Jennifer N. BeldingAffiliated with the Social Psychology Program
Degree(s): B.S. in Psychology, Georgia Southern University
Office: Lazenby Hall Room 121S, 1827 Neil Ave. Columbus, OH 43210
Faculty Advisor: Richard Petty, Ph.D.
Email: firstname.lastname@example.org or email@example.com
Jenn received her bachelor of science in psychology from Georgia Southern University in 2008. She is currently in her second year at Ohio State studying social psychology with a minor in quantitative psychology. Her primary research interests include embodiment, self-validation, the determinants of attitude certainty, and the role of elaboration in self-control conflicts. In addition to her work in the attitudes and persuasion lab, she also collaborates with Dr. Kentaro Fujita on several studies related to the role of construal level theory in receptiveness to threatening health information.
Belding, J. N., Briñol, P., & Petty, R. E. (2011). Priming through embodiment: External objects influence attitude extremity and strength. Midwestern Psychological Association Conference, Chicago, Illinois.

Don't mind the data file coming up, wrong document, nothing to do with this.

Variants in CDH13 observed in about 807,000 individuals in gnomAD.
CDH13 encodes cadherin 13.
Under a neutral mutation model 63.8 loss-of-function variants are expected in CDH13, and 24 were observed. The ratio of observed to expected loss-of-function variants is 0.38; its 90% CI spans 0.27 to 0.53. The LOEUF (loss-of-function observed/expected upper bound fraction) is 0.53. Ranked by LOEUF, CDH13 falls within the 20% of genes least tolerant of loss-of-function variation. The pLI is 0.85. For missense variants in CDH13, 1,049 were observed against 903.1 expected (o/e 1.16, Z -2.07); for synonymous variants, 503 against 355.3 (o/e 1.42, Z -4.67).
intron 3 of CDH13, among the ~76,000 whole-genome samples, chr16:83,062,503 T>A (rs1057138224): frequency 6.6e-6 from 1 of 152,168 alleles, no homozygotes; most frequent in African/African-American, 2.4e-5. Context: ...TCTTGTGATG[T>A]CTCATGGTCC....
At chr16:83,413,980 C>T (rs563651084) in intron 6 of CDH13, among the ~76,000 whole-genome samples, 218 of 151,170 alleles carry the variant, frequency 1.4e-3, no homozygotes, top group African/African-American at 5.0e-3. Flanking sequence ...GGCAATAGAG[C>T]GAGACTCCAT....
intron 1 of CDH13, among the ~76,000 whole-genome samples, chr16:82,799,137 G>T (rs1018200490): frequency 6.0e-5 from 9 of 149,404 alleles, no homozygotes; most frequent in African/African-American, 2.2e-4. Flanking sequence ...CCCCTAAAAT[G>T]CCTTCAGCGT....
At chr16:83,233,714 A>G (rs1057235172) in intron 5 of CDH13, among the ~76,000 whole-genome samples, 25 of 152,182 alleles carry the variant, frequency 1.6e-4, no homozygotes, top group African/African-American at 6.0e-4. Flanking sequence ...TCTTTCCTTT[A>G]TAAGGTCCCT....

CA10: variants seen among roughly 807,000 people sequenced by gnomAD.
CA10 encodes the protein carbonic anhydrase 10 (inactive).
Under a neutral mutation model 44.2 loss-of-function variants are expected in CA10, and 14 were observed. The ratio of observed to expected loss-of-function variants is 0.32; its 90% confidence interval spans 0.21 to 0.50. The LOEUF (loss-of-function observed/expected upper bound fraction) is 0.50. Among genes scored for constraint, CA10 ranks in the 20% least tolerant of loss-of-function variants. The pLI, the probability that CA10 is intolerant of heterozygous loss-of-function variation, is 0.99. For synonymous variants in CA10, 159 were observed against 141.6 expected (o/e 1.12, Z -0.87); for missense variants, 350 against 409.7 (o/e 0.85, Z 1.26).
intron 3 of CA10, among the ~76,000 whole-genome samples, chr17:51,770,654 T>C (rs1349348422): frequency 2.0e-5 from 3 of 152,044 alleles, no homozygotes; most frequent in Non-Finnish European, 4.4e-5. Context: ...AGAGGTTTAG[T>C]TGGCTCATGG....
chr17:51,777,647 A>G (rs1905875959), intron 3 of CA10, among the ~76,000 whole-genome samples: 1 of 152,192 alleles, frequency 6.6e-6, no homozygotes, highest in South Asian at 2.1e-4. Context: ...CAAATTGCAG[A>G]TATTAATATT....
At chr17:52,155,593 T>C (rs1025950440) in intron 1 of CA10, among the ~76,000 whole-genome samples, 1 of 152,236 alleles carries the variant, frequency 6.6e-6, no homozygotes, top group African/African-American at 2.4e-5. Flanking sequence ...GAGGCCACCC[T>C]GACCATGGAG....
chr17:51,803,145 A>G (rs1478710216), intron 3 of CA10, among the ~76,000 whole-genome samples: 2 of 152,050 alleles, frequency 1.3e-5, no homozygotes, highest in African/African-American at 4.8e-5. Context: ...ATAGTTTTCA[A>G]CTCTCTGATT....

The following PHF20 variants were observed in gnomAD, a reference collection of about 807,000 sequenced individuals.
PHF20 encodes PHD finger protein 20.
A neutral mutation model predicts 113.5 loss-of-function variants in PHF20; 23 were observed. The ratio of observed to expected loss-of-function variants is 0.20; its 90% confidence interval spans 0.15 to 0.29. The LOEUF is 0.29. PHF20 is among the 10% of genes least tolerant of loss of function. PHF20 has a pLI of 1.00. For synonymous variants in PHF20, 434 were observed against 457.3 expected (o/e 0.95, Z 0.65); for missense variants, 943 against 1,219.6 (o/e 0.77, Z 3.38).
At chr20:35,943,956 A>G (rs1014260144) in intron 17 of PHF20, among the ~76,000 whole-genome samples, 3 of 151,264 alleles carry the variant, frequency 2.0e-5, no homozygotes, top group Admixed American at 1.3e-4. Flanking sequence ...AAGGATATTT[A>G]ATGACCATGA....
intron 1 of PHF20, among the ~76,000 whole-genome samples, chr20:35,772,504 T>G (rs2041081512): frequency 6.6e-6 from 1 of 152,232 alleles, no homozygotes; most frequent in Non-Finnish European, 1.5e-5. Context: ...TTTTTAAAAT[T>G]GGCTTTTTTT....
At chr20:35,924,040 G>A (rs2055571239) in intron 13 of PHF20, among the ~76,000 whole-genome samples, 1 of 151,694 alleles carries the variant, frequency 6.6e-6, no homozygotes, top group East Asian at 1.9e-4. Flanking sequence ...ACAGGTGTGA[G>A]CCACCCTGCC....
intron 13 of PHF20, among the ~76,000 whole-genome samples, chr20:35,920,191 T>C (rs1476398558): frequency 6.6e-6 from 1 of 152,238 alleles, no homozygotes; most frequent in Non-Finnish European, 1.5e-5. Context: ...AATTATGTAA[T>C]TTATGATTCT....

Belding, J. N., Petty, R. E., & Briñol, P. (2011). Priming through embodiment: External objects influence information processing and attitudes. Society for Personality and Social Psychology Conference, San Antonio, Texas.
Belding, J.N., & Naufel, K.Z. (2009). The effects of abstract and construal mindsets on the accomplishment of a health-related goal. Society for Personality and Social Psychology Conference, Tampa, Florida.
Naufel, K.Z. & Belding, J.N. (2009). Personality and health communication: “Why people” are receptive to and motivated by health information. European Health Psychology Society Conference, Pisa, Italy.
Cuadra, R., Cole, S., Naufel, K.Z., & Belding, J.N. (2009). Implementation intentions affect the desirability of the goal accomplishment process. Society for Personality and Social Psychology Conference, Tampa, Florida.
Belding, J. N., Howard, M. G., McGuire, A. M., Schwartz, A. C., & Wilson, J. H. (2010). Social buffering by God: Prayer and measures of stress. Journal of Religion and Health, 49(2), 179-187..